3. Yosemite National Park

Another location where officials receive numerous health-related calls is Yosemite National Park in California. It makes its way to No. 3 on our list with 94 deaths during those eight years, mostly attributed to medical problems. Eight deaths occurred in 2022.

4. Great Smoky Mountains National Park

The last two national parks on our list of deadliest locations make the top five because of the number of cars traveling through them yearly. Motor vehicle crashes are the leading cause of death in both Great Smoky Mountains National Park and the Natchez Trace Parkway. 

Of the 80 deaths reported from 2014 to 2021 in the Smokies, 29 resulted from car accidents. Interestingly, of the 11 deaths in 2022, only two were vehicle crashes.

The other causes included drownings, suicides, environmental causes, and medical problems.

A man hiking at Great Smoky Mountains National Park

5. Natchez Trace Parkway

The Natchez Trace Parkway stretches 444 miles through Alabama, Mississippi, and Tennessee. So it’s not surprising that car accidents are the leading cause of death here. Of the 74 deaths in those eight years, 62 resulted from motor vehicle crashes.

North Cascades National Park Has Highest Mortality Rate

North Cascades National Park didn’t make our list of deadliest national parks because it has fewer visitors, meaning fewer reported deaths in comparison.

However, when looking at the mortality rate, this Pacific Coast national park has the highest mortality rate, with nine deaths among approximately 220,500 visitors.

It’s still a minuscule percentage of less than 1%, but it’s the highest among the national parks. These deaths resulted from falls, motor vehicle crashes, environmental causes, and medical problems.

Tips to Stay Safe While Visiting National Parks

The national parks aren’t dangerous. But you should take some precautions to ensure your safety and the safety of others. We’ve listed a few tips we think are important to make your visit enjoyable and memorable.

Drive Slowly

Always obey the posted speed limit. Often it’s 25 miles per hour or less as you travel through national parks. You’re not in a rush. You’re there to enjoy the beauty and magnificence of these places.

Also, pay attention to pedestrians and cyclists who share the road, especially in mountainous areas. When driving slowly, you have a much easier time stopping or slowing down when necessary.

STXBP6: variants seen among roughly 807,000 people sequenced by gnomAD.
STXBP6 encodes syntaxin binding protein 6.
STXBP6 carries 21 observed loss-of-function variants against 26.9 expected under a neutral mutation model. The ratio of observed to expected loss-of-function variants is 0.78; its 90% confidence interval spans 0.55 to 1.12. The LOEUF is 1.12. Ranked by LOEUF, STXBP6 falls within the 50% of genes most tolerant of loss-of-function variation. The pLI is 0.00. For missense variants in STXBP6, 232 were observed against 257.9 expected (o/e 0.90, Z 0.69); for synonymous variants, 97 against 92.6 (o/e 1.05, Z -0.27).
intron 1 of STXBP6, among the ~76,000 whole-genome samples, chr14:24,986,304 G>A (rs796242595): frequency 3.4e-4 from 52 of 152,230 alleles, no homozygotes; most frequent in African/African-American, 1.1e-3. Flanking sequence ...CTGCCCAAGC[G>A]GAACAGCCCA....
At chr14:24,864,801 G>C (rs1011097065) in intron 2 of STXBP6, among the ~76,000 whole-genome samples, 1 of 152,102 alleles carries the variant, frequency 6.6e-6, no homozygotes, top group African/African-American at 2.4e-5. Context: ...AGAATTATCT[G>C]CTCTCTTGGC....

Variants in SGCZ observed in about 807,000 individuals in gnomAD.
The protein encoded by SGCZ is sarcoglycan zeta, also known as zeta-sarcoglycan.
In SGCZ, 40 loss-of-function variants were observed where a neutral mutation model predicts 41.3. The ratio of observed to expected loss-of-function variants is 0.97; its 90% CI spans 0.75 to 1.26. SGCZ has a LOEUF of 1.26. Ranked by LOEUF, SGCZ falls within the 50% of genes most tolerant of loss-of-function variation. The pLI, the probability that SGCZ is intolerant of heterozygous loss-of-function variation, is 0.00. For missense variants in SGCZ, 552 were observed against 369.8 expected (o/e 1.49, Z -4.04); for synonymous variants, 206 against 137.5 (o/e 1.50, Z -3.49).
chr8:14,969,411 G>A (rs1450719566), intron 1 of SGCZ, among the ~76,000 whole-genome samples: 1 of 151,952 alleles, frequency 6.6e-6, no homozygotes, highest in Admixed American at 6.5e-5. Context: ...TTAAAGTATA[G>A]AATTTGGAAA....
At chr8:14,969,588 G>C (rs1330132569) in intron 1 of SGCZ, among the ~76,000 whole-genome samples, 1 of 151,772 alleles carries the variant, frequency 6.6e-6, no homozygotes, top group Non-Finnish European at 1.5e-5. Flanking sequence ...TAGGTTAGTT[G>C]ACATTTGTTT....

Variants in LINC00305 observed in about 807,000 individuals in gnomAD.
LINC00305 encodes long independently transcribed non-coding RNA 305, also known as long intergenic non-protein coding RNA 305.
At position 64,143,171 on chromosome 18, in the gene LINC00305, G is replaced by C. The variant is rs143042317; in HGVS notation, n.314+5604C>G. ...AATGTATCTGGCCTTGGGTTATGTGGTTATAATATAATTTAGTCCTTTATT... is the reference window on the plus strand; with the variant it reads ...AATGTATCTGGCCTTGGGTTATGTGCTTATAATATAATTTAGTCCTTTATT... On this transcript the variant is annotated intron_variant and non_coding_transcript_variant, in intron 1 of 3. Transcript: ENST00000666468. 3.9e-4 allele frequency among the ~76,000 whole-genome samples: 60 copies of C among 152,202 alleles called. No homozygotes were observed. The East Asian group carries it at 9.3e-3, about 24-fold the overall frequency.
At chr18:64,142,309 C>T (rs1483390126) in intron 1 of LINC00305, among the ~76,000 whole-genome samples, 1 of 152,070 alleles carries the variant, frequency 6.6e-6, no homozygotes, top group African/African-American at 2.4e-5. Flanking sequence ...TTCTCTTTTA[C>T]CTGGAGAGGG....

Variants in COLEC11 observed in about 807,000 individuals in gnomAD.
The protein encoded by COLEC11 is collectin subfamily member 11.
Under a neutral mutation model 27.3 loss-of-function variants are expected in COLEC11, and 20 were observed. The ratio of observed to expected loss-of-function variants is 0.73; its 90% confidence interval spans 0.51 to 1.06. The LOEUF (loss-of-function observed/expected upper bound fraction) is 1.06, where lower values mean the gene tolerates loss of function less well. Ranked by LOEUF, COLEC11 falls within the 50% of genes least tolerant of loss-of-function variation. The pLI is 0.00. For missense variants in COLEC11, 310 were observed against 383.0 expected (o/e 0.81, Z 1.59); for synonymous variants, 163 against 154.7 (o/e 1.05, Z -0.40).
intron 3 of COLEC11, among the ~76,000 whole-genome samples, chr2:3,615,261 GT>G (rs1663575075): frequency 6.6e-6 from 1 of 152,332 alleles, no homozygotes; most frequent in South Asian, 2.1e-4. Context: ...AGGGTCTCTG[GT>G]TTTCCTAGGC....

Keep in Mind: Looking for scenic routes to add to your bucket list? These RVers Shared the Most Scenic Routes They’ve Ever Traveled

View of going-to-the-sun road

Understand Swimming Risks

There are usually no lifeguards at lakes or rivers in national parks. These are “swim at your own risk” locations. Other places will post signs saying, “No swimming allowed.” 

It’s vitally important that you follow the posted regulations. The water may have strong currents, bacteria, or all sorts of other risks that make the area closed off to swimming.

Pay Attention to the Weather

Many people enjoy hiking, biking, climbing, paddling, and other outdoor recreation at America’s national parks. These are fantastic ways to explore. But pay attention to the weather before you head out. 

For example, flash flooding is common in the Southwest. And desert parks reach temperatures over 100 degrees consistently in the summer. Don’t take unnecessary risks to enjoy the outdoors.

Keep in Mind: Have You Driven the Most Dangerous Highway in the US? Click the link to see!

Follow Climbing Regulations

Like swimming, you also must consider the risks of climbing. Always check in at the visitor center, get the necessary permits, and ask questions about the climbing conditions before heading out. These rules are in place for a reason. They protect the land and those on it.

Keep Your Distance From Wildlife

Finally, even though encounters with wildlife are rare, always keep your distance. If you’re at Yellowstone and stop for a bison crossing, don’t get out of your car.

If you’re hiking in Shenandoah National Park and see a black bear, don’t approach it. These aren’t the times for a perfect selfie. These are life-or-death situations where your response could prove fatal.

A bison walking across the road in a national park

Enjoy America’s National Parks but Do So Responsibly

Our national parks are amazing. From the battlefields in the East to the Native American pueblos of the Southwest, you’ll find so much to discover! We love visiting these places, learning more about our nation’s history and culture, and viewing the breathtaking scenery.

But we must all do so responsibly. When you visit your next national park site, drive safely, follow the rules, and protect yourself from heat, weather, and wildlife. 

Were you surprised by our list of the top five deadliest national parks?